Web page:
So, your only problem with finding little one-celled martians is that it will give almost un-deniable proof to evolution?

dgruss23
2003-Aug-01, 06:49 PM
I think from a scientific point of view the discovery of life on Mars, Europa, Titan or anywhere else would indicate that most likely the process of life originating is fairly flexible. It might also allow us to gain a better understanding of requirements needed for the development of life. What would be most fascinating IMO would be the comparison of the life chemistry of extraterrestrial life with life on Earth.

Pi Man
2003-Aug-01, 06:56 PM
I think from a scientific point of view the discovery of life on Mars, Europa, Titan or anywhere else would indicate that most likely the process of life originating is fairly flexible. It might also allow us to gain a better understanding of requirements needed for the development of life. What would be most fascinating IMO would be the comparison of the life chemistry of extraterrestrial life with life on Earth.

Yeah! I hope we one day discover some silicon based lifeforms! (Awww. No alien smilie!)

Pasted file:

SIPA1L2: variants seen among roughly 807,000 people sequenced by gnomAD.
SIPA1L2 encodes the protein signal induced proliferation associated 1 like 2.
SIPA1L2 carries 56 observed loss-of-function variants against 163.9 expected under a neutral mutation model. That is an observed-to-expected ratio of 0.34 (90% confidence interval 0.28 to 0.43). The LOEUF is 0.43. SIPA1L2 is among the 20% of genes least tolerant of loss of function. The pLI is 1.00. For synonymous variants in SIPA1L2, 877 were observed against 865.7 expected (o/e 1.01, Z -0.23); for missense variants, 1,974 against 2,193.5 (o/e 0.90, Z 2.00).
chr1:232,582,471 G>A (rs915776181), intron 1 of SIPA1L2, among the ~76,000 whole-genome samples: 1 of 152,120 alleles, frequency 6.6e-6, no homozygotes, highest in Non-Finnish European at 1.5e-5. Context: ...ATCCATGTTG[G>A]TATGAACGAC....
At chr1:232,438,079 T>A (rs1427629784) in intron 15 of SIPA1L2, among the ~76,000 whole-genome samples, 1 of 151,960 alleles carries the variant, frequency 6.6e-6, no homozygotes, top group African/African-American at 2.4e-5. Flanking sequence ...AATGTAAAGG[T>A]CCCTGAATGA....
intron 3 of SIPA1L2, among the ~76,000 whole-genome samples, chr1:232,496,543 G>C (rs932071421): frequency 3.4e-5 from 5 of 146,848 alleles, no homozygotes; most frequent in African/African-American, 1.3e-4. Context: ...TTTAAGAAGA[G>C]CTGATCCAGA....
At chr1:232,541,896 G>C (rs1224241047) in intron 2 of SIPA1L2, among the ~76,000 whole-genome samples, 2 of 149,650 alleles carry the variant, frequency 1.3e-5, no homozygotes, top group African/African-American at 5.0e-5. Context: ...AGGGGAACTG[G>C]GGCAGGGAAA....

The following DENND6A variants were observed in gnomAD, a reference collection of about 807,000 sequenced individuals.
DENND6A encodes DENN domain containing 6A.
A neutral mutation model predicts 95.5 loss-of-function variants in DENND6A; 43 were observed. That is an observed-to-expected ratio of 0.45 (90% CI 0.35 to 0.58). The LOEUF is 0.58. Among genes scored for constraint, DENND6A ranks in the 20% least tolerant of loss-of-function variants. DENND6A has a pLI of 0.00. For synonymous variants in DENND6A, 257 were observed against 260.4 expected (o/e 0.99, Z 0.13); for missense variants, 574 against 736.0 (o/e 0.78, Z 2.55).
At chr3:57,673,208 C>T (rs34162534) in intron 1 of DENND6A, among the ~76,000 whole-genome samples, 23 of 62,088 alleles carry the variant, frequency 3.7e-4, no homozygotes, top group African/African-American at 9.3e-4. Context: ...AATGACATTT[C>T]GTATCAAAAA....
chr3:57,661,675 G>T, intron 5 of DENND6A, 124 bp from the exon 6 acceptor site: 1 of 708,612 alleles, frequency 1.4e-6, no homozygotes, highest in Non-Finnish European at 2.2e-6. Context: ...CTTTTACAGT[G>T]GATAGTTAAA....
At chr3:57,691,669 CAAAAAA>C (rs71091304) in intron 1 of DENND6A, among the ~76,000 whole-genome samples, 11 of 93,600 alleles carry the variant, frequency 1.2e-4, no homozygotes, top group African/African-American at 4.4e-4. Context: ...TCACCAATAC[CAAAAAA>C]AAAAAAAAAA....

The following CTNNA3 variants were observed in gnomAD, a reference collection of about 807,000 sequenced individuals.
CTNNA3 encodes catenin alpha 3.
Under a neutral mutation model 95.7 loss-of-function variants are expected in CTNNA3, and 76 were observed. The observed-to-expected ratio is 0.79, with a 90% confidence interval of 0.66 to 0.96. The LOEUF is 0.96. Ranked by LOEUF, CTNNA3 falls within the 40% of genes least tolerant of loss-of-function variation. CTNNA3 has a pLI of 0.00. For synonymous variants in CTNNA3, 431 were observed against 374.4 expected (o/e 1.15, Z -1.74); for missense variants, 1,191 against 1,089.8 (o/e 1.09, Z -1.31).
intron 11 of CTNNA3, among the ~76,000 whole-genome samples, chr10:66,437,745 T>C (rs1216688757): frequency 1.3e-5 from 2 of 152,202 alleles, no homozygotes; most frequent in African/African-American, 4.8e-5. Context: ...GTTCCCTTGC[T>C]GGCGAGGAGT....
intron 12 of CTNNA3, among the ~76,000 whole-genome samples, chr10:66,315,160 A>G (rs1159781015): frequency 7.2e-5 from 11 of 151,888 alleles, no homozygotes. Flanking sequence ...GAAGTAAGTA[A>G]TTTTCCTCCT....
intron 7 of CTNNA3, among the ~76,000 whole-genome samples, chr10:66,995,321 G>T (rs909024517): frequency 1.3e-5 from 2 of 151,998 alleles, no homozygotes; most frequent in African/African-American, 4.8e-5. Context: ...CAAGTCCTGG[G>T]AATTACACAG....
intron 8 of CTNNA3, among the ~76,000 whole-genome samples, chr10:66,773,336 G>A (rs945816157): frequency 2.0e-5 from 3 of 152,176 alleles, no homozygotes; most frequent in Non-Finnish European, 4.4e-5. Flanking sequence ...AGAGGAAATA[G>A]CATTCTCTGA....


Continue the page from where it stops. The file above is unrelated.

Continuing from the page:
nebularain
2003-Aug-01, 07:04 PM
Would we fall apart as men/women; or would we be men/women? Do or die? Dumb or dumber/ What would we do?

I guess that depends on who you are.

Scientists will be \:D/ =D> .
Creationists will be :o , :-# , or [-( .
Hoaxers will be :-k .
The majority of people, however, will be =; (just watch, you know they will!).

Kaptain K
2003-Aug-01, 07:08 PM
Silicon based life is not very likely. Although silicon is chemically similar to carbon, there are significant differences. The most important (biologically speaking) is that carbon readily forms chains: C-C-C-C...C-C. Silicon is more likely to form chains containing oxygen: Si-O-Si-O-...Si-O-Si.

dgruss23
2003-Aug-01, 07:11 PM
Neb, do you think creationists would be upset by that? Couldn't they just say that we are seeing evidence for the multiple ways that God creates life?